The importance of medieval scholasticism for Reformed thought has been disregarded since the time of the Reformation. In a humanist vein, the Reformers openly mocked medieval thought and claimed a break with the late medieval scholastic tradition. Unlike the Lutherforschung, the historiography of the Reformed side of the Reformation still tends to perpetuate this early Reformers’ narrative of a fundamental break. There are, however, attempts in recent research that have pointed to the flaws in this narrative, and there is a growing awareness of the importance of medieval thought for the formulation of Reformed orthodoxy. The project A Disregarded Past (ADP) sets out to reassess, thus, on both the historical and historiographical level, the role of medieval thought in the formulation of the Reformed tradition. This is a broad field of course, and one which requires a specific set of competences: for only a profound familiarity with the intellectual traditions of the late Middle Ages will allow to appropriately contextualize the emergence of Reformed doctrines, and the problems to address concern theology as much as philosophy and history. To narrow down this essentially interdisciplinary and, so to say, inter-epochal network of problems, this project proposes to follow on geographical lines the transmission of ideas and, especially, of late medieval Scotism. There are two main reasons for this decision: on the one hand, from Zwingli and Calvin to the Reformed theologians in Heidelberg, Scotland and France, the presence of Scotism in their doctrine has been suggested, but never systematically investigated; on the other hand, there is a discrepancy between the historical importance of Scotism and its neglected state in contemporary research. The ADP project will tackle the following research lacunae:

  • Sub-project A will address, on a general level, the methodical problems in previous studies on the Reformed reception of medieval thought, analysing its implicit and explicit dimensions among the Reformed theologians of the Swiss area.
  • Sub-project B will provide a case study centered on the doctrine of the beatific vision in the systems of Reformed Orthodoxy by examining the writings of several prominent Reformed theologians such as Polanus, Waeleus, and Heidegger. Each of these thinkers engaged with the various medieval accounts of the beatific vision and they reveal a variety of Reformed formulations of the doctrine some of which appear to reveal more of an affinity for Scotus over Aquinas.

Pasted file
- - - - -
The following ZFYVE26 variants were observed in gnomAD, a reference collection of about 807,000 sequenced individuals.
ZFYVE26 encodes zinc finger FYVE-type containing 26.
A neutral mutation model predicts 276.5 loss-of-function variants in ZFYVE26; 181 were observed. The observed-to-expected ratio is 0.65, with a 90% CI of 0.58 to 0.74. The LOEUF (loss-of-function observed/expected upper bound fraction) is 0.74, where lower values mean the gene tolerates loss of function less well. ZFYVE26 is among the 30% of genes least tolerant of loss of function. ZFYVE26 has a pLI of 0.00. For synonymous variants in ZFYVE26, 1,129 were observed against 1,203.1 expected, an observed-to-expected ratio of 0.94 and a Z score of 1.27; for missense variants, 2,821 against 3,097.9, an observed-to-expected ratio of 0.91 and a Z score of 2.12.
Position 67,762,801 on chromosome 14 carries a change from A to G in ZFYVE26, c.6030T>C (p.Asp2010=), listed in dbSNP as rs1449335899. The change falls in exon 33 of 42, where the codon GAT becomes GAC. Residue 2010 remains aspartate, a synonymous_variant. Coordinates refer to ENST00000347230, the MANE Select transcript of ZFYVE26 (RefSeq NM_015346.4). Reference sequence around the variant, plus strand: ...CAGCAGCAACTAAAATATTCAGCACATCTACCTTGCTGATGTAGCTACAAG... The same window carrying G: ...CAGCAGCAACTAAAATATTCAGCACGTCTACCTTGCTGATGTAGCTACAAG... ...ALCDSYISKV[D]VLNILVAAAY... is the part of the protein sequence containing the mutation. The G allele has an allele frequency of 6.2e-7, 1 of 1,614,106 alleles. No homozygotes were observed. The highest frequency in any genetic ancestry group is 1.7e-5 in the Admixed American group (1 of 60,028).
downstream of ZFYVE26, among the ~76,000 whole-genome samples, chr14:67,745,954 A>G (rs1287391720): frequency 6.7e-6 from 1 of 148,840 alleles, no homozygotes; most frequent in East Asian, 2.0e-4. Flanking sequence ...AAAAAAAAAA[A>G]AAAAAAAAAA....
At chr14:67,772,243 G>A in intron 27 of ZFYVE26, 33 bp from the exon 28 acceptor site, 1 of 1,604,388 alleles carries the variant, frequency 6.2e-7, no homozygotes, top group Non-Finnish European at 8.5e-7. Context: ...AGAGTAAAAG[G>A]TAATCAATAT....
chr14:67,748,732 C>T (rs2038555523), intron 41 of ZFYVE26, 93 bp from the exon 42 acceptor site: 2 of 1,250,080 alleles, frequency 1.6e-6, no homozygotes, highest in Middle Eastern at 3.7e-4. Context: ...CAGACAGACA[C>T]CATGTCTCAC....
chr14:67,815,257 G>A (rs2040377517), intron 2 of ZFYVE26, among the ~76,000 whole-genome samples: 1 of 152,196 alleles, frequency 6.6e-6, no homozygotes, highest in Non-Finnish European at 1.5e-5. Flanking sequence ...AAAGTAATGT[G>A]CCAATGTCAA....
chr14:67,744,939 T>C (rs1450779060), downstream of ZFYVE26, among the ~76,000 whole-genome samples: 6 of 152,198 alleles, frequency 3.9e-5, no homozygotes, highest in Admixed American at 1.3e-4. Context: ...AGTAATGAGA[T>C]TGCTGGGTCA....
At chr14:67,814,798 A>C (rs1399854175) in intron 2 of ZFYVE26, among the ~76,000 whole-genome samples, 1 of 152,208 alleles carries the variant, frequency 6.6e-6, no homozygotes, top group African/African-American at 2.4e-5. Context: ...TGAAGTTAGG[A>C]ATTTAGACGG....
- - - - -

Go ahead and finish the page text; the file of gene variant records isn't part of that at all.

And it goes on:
• Sub-project C will focus on the theological developments in the Palatinate with a particular interest in the philosophical dimensions of theological prolegomena debates, where Scotist ideas were defended to the point that Scotus seems to have been ‘confessionalized’.
  • Sub-project D will address the Scotist legacy in Reformed scholasticism in Scotland and France, thus providing a first unitary analysis of this shared intellectual geography influenced by Geneva, and substantiating the claim of the long “shadow of Scotus” up to Descartes and the Enlightenment.
  • Sub-project E will create a digital Index theologico-scholasticus (ITS). A fundamental task of the ADP project consists in the detection of geographical relations, historical connections and intellectual dependencies. Given the essentially inter-connected character of our research object, the project intends to use of Linked Open Data technologies to analyse texts and publish them in an open access Index which will outlast the duration of the project.

The project hopes to shed an innovative light on the role of medieval thought in the unfolding of the Reformed tradition. It will disseminate its results by traditional means and by new ones, providing a digital tool which will be of long-term benefit for the intellectual history of modernity’s past.